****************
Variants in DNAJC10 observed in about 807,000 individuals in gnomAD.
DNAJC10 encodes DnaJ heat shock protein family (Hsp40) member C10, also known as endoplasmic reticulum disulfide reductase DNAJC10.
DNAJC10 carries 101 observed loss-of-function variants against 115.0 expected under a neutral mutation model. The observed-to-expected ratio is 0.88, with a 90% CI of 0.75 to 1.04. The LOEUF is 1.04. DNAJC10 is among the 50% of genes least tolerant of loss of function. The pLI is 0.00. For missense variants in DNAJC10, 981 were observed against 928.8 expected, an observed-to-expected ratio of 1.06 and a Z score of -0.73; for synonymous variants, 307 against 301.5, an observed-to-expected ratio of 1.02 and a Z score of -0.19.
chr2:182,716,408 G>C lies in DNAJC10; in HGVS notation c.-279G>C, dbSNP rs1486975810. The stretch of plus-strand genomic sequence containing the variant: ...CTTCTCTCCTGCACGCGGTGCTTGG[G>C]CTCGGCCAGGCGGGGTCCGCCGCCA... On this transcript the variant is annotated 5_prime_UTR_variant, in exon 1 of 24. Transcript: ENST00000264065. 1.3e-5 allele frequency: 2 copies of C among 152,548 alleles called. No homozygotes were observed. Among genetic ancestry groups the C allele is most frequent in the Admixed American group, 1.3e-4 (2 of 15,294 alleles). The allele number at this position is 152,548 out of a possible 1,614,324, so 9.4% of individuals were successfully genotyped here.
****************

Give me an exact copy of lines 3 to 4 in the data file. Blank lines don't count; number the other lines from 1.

DNAJC10 carries 101 observed loss-of-function variants against 115.0 expected under a neutral mutation model. The observed-to-expected ratio is 0.88, with a 90% CI of 0.75 to 1.04. The LOEUF is 1.04. DNAJC10 is among the 50% of genes least tolerant of loss of function. The pLI is 0.00. For missense variants in DNAJC10, 981 were observed against 928.8 expected, an observed-to-expected ratio of 1.06 and a Z score of -0.73; for synonymous variants, 307 against 301.5, an observed-to-expected ratio of 1.02 and a Z score of -0.19.
chr2:182,716,408 G>C lies in DNAJC10; in HGVS notation c.-279G>C, dbSNP rs1486975810. The stretch of plus-strand genomic sequence containing the variant: ...CTTCTCTCCTGCACGCGGTGCTTGG[G>C]CTCGGCCAGGCGGGGTCCGCCGCCA... On this transcript the variant is annotated 5_prime_UTR_variant, in exon 1 of 24. Transcript: ENST00000264065. 1.3e-5 allele frequency: 2 copies of C among 152,548 alleles called. No homozygotes were observed. Among genetic ancestry groups the C allele is most frequent in the Admixed American group, 1.3e-4 (2 of 15,294 alleles). The allele number at this position is 152,548 out of a possible 1,614,324, so 9.4% of individuals were successfully genotyped here.